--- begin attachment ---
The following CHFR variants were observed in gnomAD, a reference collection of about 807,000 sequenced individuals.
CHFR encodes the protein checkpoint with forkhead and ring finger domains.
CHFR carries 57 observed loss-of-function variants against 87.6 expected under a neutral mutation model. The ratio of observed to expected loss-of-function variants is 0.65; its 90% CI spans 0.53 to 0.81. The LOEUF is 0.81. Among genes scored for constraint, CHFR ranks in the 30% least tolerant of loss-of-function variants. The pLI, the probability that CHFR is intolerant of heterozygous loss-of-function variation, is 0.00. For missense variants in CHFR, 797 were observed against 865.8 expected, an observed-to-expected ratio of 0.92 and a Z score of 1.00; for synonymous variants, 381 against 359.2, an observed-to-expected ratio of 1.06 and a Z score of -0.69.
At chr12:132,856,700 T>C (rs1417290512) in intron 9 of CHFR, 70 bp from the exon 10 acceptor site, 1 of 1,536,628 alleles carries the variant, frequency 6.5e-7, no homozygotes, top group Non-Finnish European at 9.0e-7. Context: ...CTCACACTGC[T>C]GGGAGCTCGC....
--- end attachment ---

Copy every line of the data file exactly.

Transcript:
The following CHFR variants were observed in gnomAD, a reference collection of about 807,000 sequenced individuals.
CHFR encodes the protein checkpoint with forkhead and ring finger domains.
CHFR carries 57 observed loss-of-function variants against 87.6 expected under a neutral mutation model. The ratio of observed to expected loss-of-function variants is 0.65; its 90% CI spans 0.53 to 0.81. The LOEUF is 0.81. Among genes scored for constraint, CHFR ranks in the 30% least tolerant of loss-of-function variants. The pLI, the probability that CHFR is intolerant of heterozygous loss-of-function variation, is 0.00. For missense variants in CHFR, 797 were observed against 865.8 expected, an observed-to-expected ratio of 0.92 and a Z score of 1.00; for synonymous variants, 381 against 359.2, an observed-to-expected ratio of 1.06 and a Z score of -0.69.
At chr12:132,856,700 T>C (rs1417290512) in intron 9 of CHFR, 70 bp from the exon 10 acceptor site, 1 of 1,536,628 alleles carries the variant, frequency 6.5e-7, no homozygotes, top group Non-Finnish European at 9.0e-7. Context: ...CTCACACTGC[T>C]GGGAGCTCGC....